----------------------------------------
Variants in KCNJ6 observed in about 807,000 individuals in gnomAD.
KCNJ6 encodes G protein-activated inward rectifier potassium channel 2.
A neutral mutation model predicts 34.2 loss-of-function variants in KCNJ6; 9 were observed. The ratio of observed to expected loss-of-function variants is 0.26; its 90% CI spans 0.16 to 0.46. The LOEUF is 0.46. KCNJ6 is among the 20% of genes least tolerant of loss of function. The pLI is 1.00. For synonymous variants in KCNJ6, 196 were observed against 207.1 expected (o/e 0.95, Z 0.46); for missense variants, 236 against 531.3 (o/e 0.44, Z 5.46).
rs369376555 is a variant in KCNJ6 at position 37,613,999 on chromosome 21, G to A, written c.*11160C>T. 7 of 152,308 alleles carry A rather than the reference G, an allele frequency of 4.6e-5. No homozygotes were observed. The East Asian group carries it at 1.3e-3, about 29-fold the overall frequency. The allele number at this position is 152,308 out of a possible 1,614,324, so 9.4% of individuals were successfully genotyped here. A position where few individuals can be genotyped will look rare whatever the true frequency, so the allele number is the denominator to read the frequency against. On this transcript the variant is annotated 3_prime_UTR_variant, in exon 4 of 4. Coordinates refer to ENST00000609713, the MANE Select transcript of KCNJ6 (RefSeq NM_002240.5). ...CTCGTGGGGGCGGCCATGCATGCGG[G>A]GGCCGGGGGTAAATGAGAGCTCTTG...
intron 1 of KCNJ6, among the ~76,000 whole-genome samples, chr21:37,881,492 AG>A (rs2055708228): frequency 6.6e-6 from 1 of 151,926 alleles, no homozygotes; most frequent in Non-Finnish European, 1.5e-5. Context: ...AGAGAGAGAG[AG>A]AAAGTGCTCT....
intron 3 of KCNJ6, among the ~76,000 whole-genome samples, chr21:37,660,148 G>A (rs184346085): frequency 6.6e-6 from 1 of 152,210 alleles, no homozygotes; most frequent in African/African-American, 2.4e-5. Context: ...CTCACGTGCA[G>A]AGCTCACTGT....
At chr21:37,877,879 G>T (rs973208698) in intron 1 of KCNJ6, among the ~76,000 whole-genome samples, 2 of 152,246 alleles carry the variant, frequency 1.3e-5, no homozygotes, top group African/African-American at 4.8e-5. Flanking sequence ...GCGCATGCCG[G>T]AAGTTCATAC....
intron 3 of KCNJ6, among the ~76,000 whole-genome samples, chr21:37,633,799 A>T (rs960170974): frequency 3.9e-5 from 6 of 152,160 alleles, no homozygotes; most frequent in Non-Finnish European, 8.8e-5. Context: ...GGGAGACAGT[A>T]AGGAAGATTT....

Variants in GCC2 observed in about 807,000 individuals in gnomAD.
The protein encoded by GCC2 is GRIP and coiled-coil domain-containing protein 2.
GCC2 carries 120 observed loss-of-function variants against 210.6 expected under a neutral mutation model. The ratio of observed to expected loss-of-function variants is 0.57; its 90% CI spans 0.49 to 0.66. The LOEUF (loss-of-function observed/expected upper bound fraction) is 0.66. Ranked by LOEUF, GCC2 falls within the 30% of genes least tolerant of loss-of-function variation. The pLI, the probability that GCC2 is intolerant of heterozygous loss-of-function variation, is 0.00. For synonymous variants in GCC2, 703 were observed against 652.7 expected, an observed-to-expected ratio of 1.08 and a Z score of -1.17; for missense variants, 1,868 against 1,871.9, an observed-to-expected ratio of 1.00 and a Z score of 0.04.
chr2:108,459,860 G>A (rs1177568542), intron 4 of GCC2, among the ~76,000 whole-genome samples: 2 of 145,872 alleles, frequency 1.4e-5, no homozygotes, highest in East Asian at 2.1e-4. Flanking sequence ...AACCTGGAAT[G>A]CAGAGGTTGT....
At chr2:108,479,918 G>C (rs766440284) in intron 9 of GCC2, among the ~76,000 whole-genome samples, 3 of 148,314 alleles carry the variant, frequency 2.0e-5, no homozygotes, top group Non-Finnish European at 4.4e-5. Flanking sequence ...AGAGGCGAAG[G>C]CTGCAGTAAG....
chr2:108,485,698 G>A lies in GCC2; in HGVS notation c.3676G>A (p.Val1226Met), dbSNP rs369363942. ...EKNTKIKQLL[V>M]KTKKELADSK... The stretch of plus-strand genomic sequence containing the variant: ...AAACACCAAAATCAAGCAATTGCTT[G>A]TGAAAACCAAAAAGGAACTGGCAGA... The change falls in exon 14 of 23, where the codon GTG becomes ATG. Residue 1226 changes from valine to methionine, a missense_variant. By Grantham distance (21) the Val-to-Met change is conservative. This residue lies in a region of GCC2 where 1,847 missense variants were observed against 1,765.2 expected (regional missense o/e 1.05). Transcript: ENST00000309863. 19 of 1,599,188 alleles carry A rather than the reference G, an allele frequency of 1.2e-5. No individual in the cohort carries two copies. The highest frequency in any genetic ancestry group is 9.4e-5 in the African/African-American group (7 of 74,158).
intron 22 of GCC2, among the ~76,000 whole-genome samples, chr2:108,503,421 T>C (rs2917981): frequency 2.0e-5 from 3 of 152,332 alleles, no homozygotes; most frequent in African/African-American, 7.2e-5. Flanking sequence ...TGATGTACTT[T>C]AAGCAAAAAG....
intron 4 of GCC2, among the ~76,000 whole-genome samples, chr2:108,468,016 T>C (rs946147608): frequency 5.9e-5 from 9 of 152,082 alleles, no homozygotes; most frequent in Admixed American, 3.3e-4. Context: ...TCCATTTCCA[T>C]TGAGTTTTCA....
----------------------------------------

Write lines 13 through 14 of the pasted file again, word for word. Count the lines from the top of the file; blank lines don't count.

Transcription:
At chr2:108,479,918 G>C (rs766440284) in intron 9 of GCC2, among the ~76,000 whole-genome samples, 3 of 148,314 alleles carry the variant, frequency 2.0e-5, no homozygotes, top group Non-Finnish European at 4.4e-5. Flanking sequence ...AGAGGCGAAG[G>C]CTGCAGTAAG....
chr2:108,485,698 G>A lies in GCC2; in HGVS notation c.3676G>A (p.Val1226Met), dbSNP rs369363942. ...EKNTKIKQLL[V>M]KTKKELADSK... The stretch of plus-strand genomic sequence containing the variant: ...AAACACCAAAATCAAGCAATTGCTT[G>A]TGAAAACCAAAAAGGAACTGGCAGA... The change falls in exon 14 of 23, where the codon GTG becomes ATG. Residue 1226 changes from valine to methionine, a missense_variant. By Grantham distance (21) the Val-to-Met change is conservative. This residue lies in a region of GCC2 where 1,847 missense variants were observed against 1,765.2 expected (regional missense o/e 1.05). Transcript: ENST00000309863. 19 of 1,599,188 alleles carry A rather than the reference G, an allele frequency of 1.2e-5. No individual in the cohort carries two copies. The highest frequency in any genetic ancestry group is 9.4e-5 in the African/African-American group (7 of 74,158).